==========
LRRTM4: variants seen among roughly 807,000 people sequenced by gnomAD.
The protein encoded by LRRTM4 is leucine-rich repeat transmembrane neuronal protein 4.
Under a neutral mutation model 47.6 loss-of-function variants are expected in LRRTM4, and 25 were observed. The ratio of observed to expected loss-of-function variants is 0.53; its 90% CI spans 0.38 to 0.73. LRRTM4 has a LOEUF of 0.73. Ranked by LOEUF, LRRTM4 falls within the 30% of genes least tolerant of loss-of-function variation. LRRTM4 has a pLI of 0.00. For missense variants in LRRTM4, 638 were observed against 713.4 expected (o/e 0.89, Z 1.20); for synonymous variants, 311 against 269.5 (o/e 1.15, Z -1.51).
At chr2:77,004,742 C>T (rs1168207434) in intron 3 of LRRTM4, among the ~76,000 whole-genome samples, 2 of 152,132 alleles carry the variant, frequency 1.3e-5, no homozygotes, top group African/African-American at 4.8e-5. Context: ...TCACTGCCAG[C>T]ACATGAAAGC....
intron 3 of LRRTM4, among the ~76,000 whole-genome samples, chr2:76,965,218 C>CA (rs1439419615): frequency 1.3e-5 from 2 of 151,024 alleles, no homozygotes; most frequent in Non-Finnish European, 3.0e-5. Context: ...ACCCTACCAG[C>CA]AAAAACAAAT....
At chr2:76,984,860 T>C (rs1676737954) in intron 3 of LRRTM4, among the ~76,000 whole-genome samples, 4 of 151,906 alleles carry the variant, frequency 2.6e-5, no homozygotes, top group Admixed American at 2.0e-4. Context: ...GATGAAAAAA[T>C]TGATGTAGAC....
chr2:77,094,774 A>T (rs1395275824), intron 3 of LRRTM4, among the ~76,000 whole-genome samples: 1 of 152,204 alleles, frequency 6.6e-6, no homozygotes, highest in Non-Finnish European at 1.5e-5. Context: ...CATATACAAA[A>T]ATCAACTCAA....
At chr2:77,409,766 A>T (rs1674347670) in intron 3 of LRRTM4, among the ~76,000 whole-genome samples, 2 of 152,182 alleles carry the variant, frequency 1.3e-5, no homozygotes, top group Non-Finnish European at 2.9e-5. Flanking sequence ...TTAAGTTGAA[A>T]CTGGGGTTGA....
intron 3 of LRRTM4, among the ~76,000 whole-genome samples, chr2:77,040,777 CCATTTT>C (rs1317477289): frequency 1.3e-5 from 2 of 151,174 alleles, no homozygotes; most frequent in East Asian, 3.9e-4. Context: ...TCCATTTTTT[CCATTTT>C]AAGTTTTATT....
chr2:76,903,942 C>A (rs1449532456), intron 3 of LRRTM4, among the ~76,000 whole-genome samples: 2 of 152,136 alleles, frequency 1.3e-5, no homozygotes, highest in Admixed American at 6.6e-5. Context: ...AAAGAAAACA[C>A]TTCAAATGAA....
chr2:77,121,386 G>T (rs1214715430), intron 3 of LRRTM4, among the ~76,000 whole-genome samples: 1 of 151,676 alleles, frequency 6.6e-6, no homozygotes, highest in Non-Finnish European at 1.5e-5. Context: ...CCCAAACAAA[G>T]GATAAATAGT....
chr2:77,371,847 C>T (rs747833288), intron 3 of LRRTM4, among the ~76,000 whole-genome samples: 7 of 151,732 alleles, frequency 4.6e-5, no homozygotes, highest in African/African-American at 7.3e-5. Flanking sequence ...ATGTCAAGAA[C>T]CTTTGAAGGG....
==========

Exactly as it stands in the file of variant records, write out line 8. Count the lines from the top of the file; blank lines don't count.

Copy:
At chr2:77,409,766 A>T (rs1674347670) in intron 3 of LRRTM4, among the ~76,000 whole-genome samples, 2 of 152,182 alleles carry the variant, frequency 1.3e-5, no homozygotes, top group Non-Finnish European at 2.9e-5. Flanking sequence ...TTAAGTTGAA[A>T]CTGGGGTTGA....